Here’s where experience and the art of interpolation comes into play, and why adding half the gust factor is a good compromise on a gusty day. Let’s say we’re approaching a 5,000-foot runway—more than twice what this airplane requires—on a very turbulent day, with surface winds reported as 20 knots gusting to 30 knots with a variable crosswind that is typical when such conditions exist. The gust factor is the difference between the gust and the sustained wind, in this case 10 knots. So, we plan to fly final approach five knots faster than normal.
What’s normal? The published range for a normal approach is 60-70 knots, so to what number within that range do we add the five knots? Is using full flaps a good idea on a day like this, in this airplane? Probably not, because the wind can reach under those flaps and grab hold of the wing like a professional wrestler flipping his opponent to the mat.
Recall that the airplane’s actual stall speed is probably lower than advertised due to its lighter weight. Start with the lower number, 60 knots, and add five to that. Try flying final approach at 65 knots with just 20 degrees of flaps and see how that works. If at any point the gusts are so strong that you hear the stall horn squeak or have any trouble controlling the airplane, given your level of experience, then go around and try the next approach at 70 knots with 10 degrees of flaps, and see if that feels better.
It’s a Wing Thing
An airplane’s wing design and resultant stall characteristics also play an important role in determining Vref and final-approach speed, as well as the airplane’s relative tendency to remain in ground effect during the landing.
The Cessna 182S uses a conventional, riveted aluminum wing that is twisted slightly along its length so that the wing tips present a lower angle of attack than the wing root, allowing the ailerons to remain effective well into the stall. This design has been proven for many decades and is still being produced. Now, consider the seamless, composite, laminar-flow wing of a 2007 Cirrus SR22 G3. The G3 wing is also twisted to maximize aileron effectiveness during the stall, but employs additional features such as stall strips and a two-section leading edge.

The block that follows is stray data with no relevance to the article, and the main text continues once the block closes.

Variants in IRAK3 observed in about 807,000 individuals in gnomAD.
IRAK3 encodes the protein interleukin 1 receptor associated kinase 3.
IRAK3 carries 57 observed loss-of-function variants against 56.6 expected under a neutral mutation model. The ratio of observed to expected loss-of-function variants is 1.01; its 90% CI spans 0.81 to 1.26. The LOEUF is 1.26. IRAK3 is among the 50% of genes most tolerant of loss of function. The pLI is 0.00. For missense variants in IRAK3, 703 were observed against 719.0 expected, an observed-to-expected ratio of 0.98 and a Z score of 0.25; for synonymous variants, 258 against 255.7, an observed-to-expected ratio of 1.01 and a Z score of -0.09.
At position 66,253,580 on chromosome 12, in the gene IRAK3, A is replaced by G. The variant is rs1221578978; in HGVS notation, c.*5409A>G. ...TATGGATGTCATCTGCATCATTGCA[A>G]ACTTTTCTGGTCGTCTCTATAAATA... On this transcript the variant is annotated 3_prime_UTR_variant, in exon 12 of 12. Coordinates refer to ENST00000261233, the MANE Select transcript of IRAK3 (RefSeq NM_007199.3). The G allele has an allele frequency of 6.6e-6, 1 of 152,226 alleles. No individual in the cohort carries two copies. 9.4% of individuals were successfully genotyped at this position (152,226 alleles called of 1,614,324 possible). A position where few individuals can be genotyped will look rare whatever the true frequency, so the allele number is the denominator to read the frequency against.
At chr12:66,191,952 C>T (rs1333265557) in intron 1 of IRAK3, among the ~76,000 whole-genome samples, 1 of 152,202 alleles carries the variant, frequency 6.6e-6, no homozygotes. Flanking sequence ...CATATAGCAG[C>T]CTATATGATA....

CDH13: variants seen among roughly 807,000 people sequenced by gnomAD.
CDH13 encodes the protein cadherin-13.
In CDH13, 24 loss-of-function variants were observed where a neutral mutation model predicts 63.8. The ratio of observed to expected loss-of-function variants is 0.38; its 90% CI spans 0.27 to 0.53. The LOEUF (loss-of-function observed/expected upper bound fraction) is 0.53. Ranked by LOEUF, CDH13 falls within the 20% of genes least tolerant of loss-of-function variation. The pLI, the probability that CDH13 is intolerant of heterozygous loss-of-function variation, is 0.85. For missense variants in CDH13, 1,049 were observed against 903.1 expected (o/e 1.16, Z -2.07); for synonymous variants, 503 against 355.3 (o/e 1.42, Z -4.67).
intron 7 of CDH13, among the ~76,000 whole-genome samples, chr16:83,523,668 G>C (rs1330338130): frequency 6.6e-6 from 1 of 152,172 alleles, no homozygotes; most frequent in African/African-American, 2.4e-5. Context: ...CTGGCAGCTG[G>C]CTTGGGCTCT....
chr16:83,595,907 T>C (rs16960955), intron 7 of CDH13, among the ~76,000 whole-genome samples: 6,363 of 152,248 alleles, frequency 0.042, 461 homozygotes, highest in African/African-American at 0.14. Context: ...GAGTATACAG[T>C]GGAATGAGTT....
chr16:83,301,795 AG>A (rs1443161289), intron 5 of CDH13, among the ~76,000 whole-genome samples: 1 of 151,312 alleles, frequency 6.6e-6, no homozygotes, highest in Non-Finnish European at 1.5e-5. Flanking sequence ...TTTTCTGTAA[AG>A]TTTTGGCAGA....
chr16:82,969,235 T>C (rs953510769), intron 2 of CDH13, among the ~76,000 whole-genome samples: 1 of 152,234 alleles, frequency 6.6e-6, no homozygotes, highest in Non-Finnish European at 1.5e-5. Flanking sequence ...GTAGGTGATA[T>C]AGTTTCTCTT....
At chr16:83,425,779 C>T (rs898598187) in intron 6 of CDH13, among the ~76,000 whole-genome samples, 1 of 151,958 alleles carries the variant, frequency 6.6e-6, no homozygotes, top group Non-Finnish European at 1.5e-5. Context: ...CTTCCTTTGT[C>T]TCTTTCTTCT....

The SR22 is flown at Vref minus one knot for short-field landings (77 knots) and a few knots faster for normal approaches (80 knots), and always using full flaps, if available. The SR22 POH lists Vso at maximum gross weight as 59 knots at the most forward CG position and 61 knots at the most aft CG position. If we take the median, 60 knots, and multiply by 1.3 we get a Vref of 78 knots.
Why is there such a difference between Vref and Vso for these airplanes? Though these airplanes are of similar size, weight, and performance, the wing design is the primary reason for the difference in their stall behavior and recommended landing speeds. One wing is not better than the other; they are just different. The Cessna 182S wing creates more drag than the SR22 wing, and this allows for a steeper and shorter approach and less of a tendency to float in ground effect. The SR22 G3 wing (as well as its more powerful engine) allows it to cruise about 30 knots faster than the Cessna 182S, but the G3 wing (and the overall body design of the SR22) results in a faster final-approach speed and longer required landing distances than the Cessna 182S.
Final Thoughts on Final Approach
Pilots who “fly by the numbers” with precision and accuracy are able to fly stabilized approaches, and make consistently smooth landings, because the numbers they follow provide a proven framework for success. These pilots are not reinventing the propeller, so to speak, on each approach. This methodology is what makes airline travel so safe, and it can work for general aviation pilots, too.
Meredith Saini is a flight instructor and active general aviation pilot. She works as a contractor supporting the Flight Standards Service, General Aviation and Commercial Division at FAA Headquarters in Washington, DC.